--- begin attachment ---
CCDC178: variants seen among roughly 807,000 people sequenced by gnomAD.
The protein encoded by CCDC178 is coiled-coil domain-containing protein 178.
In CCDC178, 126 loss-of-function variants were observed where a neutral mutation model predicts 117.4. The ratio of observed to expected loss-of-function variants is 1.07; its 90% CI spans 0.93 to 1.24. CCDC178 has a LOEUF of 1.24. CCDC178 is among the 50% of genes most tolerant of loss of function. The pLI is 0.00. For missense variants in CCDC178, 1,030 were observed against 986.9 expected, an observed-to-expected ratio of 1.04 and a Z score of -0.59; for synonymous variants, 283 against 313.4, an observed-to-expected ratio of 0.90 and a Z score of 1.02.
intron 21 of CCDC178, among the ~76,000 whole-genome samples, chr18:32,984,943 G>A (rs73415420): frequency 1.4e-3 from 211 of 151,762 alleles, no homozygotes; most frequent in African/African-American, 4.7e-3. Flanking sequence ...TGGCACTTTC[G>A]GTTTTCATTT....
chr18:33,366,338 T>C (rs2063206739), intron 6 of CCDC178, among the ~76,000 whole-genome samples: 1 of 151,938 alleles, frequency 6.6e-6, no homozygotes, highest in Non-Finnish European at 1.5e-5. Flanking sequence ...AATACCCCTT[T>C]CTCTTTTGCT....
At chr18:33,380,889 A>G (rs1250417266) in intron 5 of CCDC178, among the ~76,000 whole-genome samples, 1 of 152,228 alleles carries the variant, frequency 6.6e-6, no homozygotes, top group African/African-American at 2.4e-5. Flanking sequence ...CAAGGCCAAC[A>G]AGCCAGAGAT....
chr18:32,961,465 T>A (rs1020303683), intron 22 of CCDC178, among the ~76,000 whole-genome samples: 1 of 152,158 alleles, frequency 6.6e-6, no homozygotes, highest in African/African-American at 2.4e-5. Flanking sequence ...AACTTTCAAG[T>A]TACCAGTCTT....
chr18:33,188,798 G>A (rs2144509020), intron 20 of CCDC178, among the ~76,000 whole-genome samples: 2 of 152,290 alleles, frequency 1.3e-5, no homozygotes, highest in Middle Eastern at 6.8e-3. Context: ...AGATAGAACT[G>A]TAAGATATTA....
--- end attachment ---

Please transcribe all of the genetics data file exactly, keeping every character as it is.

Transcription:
CCDC178: variants seen among roughly 807,000 people sequenced by gnomAD.
The protein encoded by CCDC178 is coiled-coil domain-containing protein 178.
In CCDC178, 126 loss-of-function variants were observed where a neutral mutation model predicts 117.4. The ratio of observed to expected loss-of-function variants is 1.07; its 90% CI spans 0.93 to 1.24. CCDC178 has a LOEUF of 1.24. CCDC178 is among the 50% of genes most tolerant of loss of function. The pLI is 0.00. For missense variants in CCDC178, 1,030 were observed against 986.9 expected, an observed-to-expected ratio of 1.04 and a Z score of -0.59; for synonymous variants, 283 against 313.4, an observed-to-expected ratio of 0.90 and a Z score of 1.02.
intron 21 of CCDC178, among the ~76,000 whole-genome samples, chr18:32,984,943 G>A (rs73415420): frequency 1.4e-3 from 211 of 151,762 alleles, no homozygotes; most frequent in African/African-American, 4.7e-3. Flanking sequence ...TGGCACTTTC[G>A]GTTTTCATTT....
chr18:33,366,338 T>C (rs2063206739), intron 6 of CCDC178, among the ~76,000 whole-genome samples: 1 of 151,938 alleles, frequency 6.6e-6, no homozygotes, highest in Non-Finnish European at 1.5e-5. Flanking sequence ...AATACCCCTT[T>C]CTCTTTTGCT....
At chr18:33,380,889 A>G (rs1250417266) in intron 5 of CCDC178, among the ~76,000 whole-genome samples, 1 of 152,228 alleles carries the variant, frequency 6.6e-6, no homozygotes, top group African/African-American at 2.4e-5. Flanking sequence ...CAAGGCCAAC[A>G]AGCCAGAGAT....
chr18:32,961,465 T>A (rs1020303683), intron 22 of CCDC178, among the ~76,000 whole-genome samples: 1 of 152,158 alleles, frequency 6.6e-6, no homozygotes, highest in African/African-American at 2.4e-5. Flanking sequence ...AACTTTCAAG[T>A]TACCAGTCTT....
chr18:33,188,798 G>A (rs2144509020), intron 20 of CCDC178, among the ~76,000 whole-genome samples: 2 of 152,290 alleles, frequency 1.3e-5, no homozygotes, highest in Middle Eastern at 6.8e-3. Context: ...AGATAGAACT[G>A]TAAGATATTA....